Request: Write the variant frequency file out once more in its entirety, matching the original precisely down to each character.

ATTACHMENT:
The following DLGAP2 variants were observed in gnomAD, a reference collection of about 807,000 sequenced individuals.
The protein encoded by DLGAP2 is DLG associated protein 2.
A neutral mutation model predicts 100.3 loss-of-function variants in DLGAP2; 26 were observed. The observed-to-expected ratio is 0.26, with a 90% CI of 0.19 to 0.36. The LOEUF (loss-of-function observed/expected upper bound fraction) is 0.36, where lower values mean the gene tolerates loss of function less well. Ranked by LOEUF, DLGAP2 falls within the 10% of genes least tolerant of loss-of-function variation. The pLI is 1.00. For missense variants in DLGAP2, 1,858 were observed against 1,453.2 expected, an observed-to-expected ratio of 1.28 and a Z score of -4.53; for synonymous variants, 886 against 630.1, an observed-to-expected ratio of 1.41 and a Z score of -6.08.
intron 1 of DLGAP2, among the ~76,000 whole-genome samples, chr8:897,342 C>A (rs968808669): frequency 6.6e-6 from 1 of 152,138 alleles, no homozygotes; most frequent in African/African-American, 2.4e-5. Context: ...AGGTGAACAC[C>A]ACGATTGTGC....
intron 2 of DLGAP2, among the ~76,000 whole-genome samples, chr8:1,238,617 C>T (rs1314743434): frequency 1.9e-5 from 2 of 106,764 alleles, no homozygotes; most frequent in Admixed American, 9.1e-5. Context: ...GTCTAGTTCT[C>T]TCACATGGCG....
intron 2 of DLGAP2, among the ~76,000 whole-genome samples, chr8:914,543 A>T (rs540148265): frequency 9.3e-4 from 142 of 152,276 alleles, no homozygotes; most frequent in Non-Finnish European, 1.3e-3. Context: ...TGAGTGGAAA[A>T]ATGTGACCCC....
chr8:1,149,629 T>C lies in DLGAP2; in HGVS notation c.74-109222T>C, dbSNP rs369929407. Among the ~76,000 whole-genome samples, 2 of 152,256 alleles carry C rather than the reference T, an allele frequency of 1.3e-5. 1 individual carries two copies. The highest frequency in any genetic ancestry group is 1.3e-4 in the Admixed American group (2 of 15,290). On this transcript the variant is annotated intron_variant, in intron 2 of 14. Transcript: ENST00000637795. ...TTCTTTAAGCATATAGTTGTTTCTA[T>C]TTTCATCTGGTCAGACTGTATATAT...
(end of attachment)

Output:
The following DLGAP2 variants were observed in gnomAD, a reference collection of about 807,000 sequenced individuals.
The protein encoded by DLGAP2 is DLG associated protein 2.
A neutral mutation model predicts 100.3 loss-of-function variants in DLGAP2; 26 were observed. The observed-to-expected ratio is 0.26, with a 90% CI of 0.19 to 0.36. The LOEUF (loss-of-function observed/expected upper bound fraction) is 0.36, where lower values mean the gene tolerates loss of function less well. Ranked by LOEUF, DLGAP2 falls within the 10% of genes least tolerant of loss-of-function variation. The pLI is 1.00. For missense variants in DLGAP2, 1,858 were observed against 1,453.2 expected, an observed-to-expected ratio of 1.28 and a Z score of -4.53; for synonymous variants, 886 against 630.1, an observed-to-expected ratio of 1.41 and a Z score of -6.08.
intron 1 of DLGAP2, among the ~76,000 whole-genome samples, chr8:897,342 C>A (rs968808669): frequency 6.6e-6 from 1 of 152,138 alleles, no homozygotes; most frequent in African/African-American, 2.4e-5. Context: ...AGGTGAACAC[C>A]ACGATTGTGC....
intron 2 of DLGAP2, among the ~76,000 whole-genome samples, chr8:1,238,617 C>T (rs1314743434): frequency 1.9e-5 from 2 of 106,764 alleles, no homozygotes; most frequent in Admixed American, 9.1e-5. Context: ...GTCTAGTTCT[C>T]TCACATGGCG....
intron 2 of DLGAP2, among the ~76,000 whole-genome samples, chr8:914,543 A>T (rs540148265): frequency 9.3e-4 from 142 of 152,276 alleles, no homozygotes; most frequent in Non-Finnish European, 1.3e-3. Context: ...TGAGTGGAAA[A>T]ATGTGACCCC....
chr8:1,149,629 T>C lies in DLGAP2; in HGVS notation c.74-109222T>C, dbSNP rs369929407. Among the ~76,000 whole-genome samples, 2 of 152,256 alleles carry C rather than the reference T, an allele frequency of 1.3e-5. 1 individual carries two copies. The highest frequency in any genetic ancestry group is 1.3e-4 in the Admixed American group (2 of 15,290). On this transcript the variant is annotated intron_variant, in intron 2 of 14. Transcript: ENST00000637795. ...TTCTTTAAGCATATAGTTGTTTCTA[T>C]TTTCATCTGGTCAGACTGTATATAT...